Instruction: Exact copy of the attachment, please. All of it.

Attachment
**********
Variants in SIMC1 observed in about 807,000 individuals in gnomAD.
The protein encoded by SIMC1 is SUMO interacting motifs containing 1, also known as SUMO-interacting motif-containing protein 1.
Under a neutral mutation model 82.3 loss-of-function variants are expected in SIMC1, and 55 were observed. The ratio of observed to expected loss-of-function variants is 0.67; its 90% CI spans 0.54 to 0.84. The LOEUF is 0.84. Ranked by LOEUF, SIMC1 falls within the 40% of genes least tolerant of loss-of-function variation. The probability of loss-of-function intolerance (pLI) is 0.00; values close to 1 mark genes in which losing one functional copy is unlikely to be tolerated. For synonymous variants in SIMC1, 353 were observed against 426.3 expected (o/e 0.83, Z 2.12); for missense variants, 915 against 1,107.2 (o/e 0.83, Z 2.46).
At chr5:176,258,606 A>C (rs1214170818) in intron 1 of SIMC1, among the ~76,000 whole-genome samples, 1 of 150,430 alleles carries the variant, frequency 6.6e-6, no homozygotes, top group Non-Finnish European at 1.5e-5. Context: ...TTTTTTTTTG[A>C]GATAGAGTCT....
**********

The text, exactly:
Variants in SIMC1 observed in about 807,000 individuals in gnomAD.
The protein encoded by SIMC1 is SUMO interacting motifs containing 1, also known as SUMO-interacting motif-containing protein 1.
Under a neutral mutation model 82.3 loss-of-function variants are expected in SIMC1, and 55 were observed. The ratio of observed to expected loss-of-function variants is 0.67; its 90% CI spans 0.54 to 0.84. The LOEUF is 0.84. Ranked by LOEUF, SIMC1 falls within the 40% of genes least tolerant of loss-of-function variation. The probability of loss-of-function intolerance (pLI) is 0.00; values close to 1 mark genes in which losing one functional copy is unlikely to be tolerated. For synonymous variants in SIMC1, 353 were observed against 426.3 expected (o/e 0.83, Z 2.12); for missense variants, 915 against 1,107.2 (o/e 0.83, Z 2.46).
At chr5:176,258,606 A>C (rs1214170818) in intron 1 of SIMC1, among the ~76,000 whole-genome samples, 1 of 150,430 alleles carries the variant, frequency 6.6e-6, no homozygotes, top group Non-Finnish European at 1.5e-5. Context: ...TTTTTTTTTG[A>C]GATAGAGTCT....